Friday, July 25, 2008

My Issue

She’s always there. The pain in her voice elongating her unsteady words. ‘Biggggg Issueeeeee’ she’ll suggest to each person as the first push of fresh-air excitedly licks them in the face on exiting the Galleries Shopping Centre. Occasionally someone might stop and buy a magazine, hand over some change, or gift a cigarette. But mostly it’s eyes down and apologetic grunting; maybe a slight extra push on the heels to help the guilt melt away that little bit quicker.

Except with me it’s different: when I walk past not a word – stony lost silence. It’s not that she’s taken offense to anything I’ve said or done. I’ve never reacted to her or had a reaction from her. Her eyes always look so far through me: a stare that may just circumnavigate the entire Earth. I should be grateful than I don’t have to posture an embarrassed refusal to her sales request, but I feel singled-out - soulless in the centre of Bristol.

And it’s not just once. I’ve actually done a circuit - gone back into the centre through a different entrance and back out again. Still nothing, not even the most distant pathetic flicker.

It wasn’t long after that I was in Argos; inevitable you might think, for someone needing to buy something from Argos. You’d be right with that ‘think’, and you would be patting yourself on the back like a mental person testing they have one. Whilst you did that you might have seen me typing my item number into the electronic touch-screen till. It was in stock, the hair clippers, and my card was in, transaction accepted – how happy I was to have something respond to me.

I clasped my numbered ticket in much the same way as anyone else would (except Kate Bush who would swing her hips rhythmically, holding the piece of the paper in the air, wailing painlessly). I waited for ‘154’ to appear on the screen so I could collect my purchase. I waited for five minutes, ten minutes. I went to the desk to complain. They said there was no such order in the system, I said how come I’d got a ticket then. They looked at me like a man who carries round numbered Argos tickets as a matter of course. I got angry. They said to try and order again, I said that you should only ever need one attempt at buying hair clippers and that if that one attempt doesn’t work out, then there’s no reason why a subsequent one would.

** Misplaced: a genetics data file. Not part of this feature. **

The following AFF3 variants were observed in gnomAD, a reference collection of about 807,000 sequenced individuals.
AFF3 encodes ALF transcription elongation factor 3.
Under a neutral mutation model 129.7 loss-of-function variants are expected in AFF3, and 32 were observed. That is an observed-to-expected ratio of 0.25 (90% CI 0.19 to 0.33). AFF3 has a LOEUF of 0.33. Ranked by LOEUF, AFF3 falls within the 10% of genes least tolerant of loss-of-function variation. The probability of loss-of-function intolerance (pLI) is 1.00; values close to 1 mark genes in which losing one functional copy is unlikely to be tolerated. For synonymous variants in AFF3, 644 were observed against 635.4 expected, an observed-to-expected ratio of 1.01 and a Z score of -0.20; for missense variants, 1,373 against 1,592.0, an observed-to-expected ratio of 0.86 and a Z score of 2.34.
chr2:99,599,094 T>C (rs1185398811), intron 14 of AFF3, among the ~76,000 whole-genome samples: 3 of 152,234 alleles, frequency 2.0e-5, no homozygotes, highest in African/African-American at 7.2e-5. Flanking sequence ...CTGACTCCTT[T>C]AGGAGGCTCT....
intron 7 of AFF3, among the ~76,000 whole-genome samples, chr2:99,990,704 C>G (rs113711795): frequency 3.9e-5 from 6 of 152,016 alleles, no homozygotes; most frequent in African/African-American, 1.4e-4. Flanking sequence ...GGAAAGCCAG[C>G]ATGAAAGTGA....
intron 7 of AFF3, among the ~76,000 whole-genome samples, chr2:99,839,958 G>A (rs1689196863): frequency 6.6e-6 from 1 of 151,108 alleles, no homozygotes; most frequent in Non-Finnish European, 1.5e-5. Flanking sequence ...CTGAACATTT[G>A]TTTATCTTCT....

I left empty handed knowing that things were getting grave. I had to do something before the ground stopped accepting my footsteps and I fell into the burning core at the centre of the Earth. My only chance was with the Big Issue women.

The next day I exited Galleries again and saw her with her pile of magazines. I wandered slowly past giving her ample opportunity to offer me magazine commerce. Nothing! I did another lap and tried again - this time with massively exaggerated hand-movements, singing loudly to myself the music of KLF, ‘Ancients of Moo Moo’, but still my efforts were as pointless as February. I was feeling faint - the last splash of wax that constitutes my soul was silently burning into nothing.

I was going to wazz this situation right up (just like how Jamie Oliver would handle strawberries, a hand full of gravel and food-processor). Change the course of the universe and rebel against determinism. I walked up to her purposefully, masking the trembling with deliberate movement.

‘Big issue please’ I asked and she smiled and said thank you and I walked away renewed.

I’m back, and it doesn’t matter that the next time I walked past her she ignored me again. I can feel my pulse again.

Thursday, July 03, 2008

I don’t like pushing in the petrol pump trigger anymore – it makes me feel slightly ill. The dizzying spinning of the cost indicator racing ahead of faded former champion ‘number of litres'. Then the anger: An anger born from the creeping sense of throwing away money, amplified by annoyance at the girl behind the counter who still smiles even though she's taking money off me she doesn't deserve. I want an apologetic stance from her; a downbeat glum acceptance of the times we live in. She could wear black to mourn the passing of affordable travel, raising her veil as I approach. She'll look into my eyes and tell me how sorry she is that things have worked out this way.

Back in the car, and my post fuel purchase driving is affected by my bad mood. I believe such a sharp upturn in the cost of driving should be compensated by an enhanced experience: Emptier roads; traffic lights who’s green hue stalks me. I want people standing on the pavement clapping and cheering, unfurling banners with slogans like, ‘Keep the pedal down for us Matt!’ They'll appreciate that however much the bastards rob me, my heart will still pump golden diesel through my veins. There will be a battered blue Peugeot rolling along the empty streets when the sun stops burning.

The radio interrupts, it tells me that I am not forgotten; that Gordon Brown has sensed my pain. He’s going to help: He’s not going to put a further 2p on the price of a litre of fuel that he was apparently going to. Is this not the equivalent of helping an old lady who’s fallen over by not kicking her hard in the stomach as she lies on the pavement? My foot pushes down harder on the accelerator and the music’s up dark and loud.

The local radio DJ starts a sentence with, ‘isn’t it just typical...’ and goes on to bemoan something ‘that’s just typical’. I tell him out loud to cheer up. I’m a man in a car talking into thin air, and they put that song on where that girl chants ‘it’s not my name’. I like that song.